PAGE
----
Kofi Bentil is the Senior Vice President of IMANI Africa

Senior Vice President of IMANI Africa, Kofi Bentil, has disagreed with Justice Eric Kyei Baffour’s suggestion that Section 35 of the Courts Act may be making crimes attractive.

According to him, the opposite of that assertion is true.

Justice Eric Kyei Baffour on December 1, rejected the terms of settlements reached between state prosecutors and the founder of Capital Bank, William Ato Essien.

Mr. Essien, per the proposed settlement, was to pay GH₵90 million in total and GH₵60 million in an agreed installment settlement with the state.

However, the presiding Judge who was ready with his judgement said the state appears to have been compromised.

He said the prosecutors’ use of Section 35 of the Courts Act to reach a settlement agreement with the accused does not apply to the instant case, and such settlements make crimes attractive.

Section 35 of the Courts Act, says, “Where a person is charged with an offence before the High Court or a Regional Tribunal, the commission of which has caused economic loss, harm, or damage to the State or any state agency, the accused may inform the prosecutor whether the accused admits the offence and is willing to offer compensation or make restitution and reparation for the loss, harm, or damage caused.”

Reacting to Justice Kyei Baffour’s statement, Kofi Bentil stated that unlike the Judge’s suggestion, Section 35 was making crimes in the country unattractive.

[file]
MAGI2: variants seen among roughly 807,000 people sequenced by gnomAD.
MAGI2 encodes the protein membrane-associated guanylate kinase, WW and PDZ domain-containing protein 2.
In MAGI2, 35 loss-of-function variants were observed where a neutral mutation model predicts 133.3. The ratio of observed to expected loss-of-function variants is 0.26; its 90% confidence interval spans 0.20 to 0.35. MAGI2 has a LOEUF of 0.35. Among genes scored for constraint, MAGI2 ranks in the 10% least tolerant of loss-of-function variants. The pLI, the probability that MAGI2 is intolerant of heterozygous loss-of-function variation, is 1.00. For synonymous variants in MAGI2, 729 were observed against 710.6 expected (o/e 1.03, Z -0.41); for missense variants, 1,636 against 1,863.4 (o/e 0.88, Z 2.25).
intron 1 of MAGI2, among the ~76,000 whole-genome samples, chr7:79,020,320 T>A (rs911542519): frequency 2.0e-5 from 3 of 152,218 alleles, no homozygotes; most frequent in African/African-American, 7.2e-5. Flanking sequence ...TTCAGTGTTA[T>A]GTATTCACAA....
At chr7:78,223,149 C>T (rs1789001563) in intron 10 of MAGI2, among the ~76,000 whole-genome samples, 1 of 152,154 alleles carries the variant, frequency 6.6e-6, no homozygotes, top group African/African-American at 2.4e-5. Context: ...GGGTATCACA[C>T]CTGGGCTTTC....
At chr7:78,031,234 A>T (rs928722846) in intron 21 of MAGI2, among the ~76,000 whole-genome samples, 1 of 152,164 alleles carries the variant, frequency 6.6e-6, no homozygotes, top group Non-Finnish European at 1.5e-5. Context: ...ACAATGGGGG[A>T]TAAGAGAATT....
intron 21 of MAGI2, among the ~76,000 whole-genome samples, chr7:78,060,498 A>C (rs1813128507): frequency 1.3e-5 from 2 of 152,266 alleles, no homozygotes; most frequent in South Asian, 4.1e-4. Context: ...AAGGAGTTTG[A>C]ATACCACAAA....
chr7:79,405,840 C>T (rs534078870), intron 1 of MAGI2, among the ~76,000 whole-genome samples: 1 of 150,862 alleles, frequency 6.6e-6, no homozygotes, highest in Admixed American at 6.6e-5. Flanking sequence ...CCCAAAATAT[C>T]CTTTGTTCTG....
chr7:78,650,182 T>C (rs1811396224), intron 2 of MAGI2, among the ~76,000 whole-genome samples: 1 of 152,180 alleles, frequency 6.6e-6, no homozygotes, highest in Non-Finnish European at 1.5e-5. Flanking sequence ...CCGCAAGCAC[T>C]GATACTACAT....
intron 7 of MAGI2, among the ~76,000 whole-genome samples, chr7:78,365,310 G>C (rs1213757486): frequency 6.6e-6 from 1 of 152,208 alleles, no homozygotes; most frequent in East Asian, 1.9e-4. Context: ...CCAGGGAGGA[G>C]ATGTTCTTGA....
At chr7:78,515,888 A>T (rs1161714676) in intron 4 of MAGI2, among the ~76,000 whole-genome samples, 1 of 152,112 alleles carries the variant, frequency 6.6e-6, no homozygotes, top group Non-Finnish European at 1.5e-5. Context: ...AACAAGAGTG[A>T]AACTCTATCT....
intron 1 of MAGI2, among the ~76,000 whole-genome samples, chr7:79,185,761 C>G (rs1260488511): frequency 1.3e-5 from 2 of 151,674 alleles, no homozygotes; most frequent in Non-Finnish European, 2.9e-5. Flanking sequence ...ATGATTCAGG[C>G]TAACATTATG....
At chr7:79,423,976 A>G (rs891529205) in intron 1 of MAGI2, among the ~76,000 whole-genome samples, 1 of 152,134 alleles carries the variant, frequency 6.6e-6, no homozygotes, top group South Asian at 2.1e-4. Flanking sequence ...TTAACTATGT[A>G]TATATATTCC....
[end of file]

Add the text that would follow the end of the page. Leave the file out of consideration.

He said, “There is good reason in philosophy, in what is proper and practical for us to have a section 35, because there are people who actually steal state money and want to go to jail for five, even ten years come back and enjoy it.”

He explained that while custodial sentences only delay convicted persons from enjoying their stolen wealth, Section 35 on the other hand, forces them to cough out the money.

“Yes I disagree with him because Section 35 is a very good provision for those of us who are in policy, who look at what goes on in this country, and the millions that we lose and the money we don’t recover. You see, over the decades, over the years people have come to realize that indeed without 35 it is lucrative rather to steal.

“So indeed the argument is counterproductive against what was said that because of 35 people are going to steal, it is without 35 that people steal. And we’ve seen some, I’ve seen some, I don’t want to go into the details.

“The point here is that with 35 you know that if you steal you can be asked to cough up the money and in this particular case if you go through the numbers what is being coughed up is quite substantial given what is being admitted,” he explained.

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DISCLAIMER: The Views, Comments, Opinions, Contributions and Statements made by Readers and Contributors on this platform do not necessarily represent the views or policy of Multimedia Group Limited.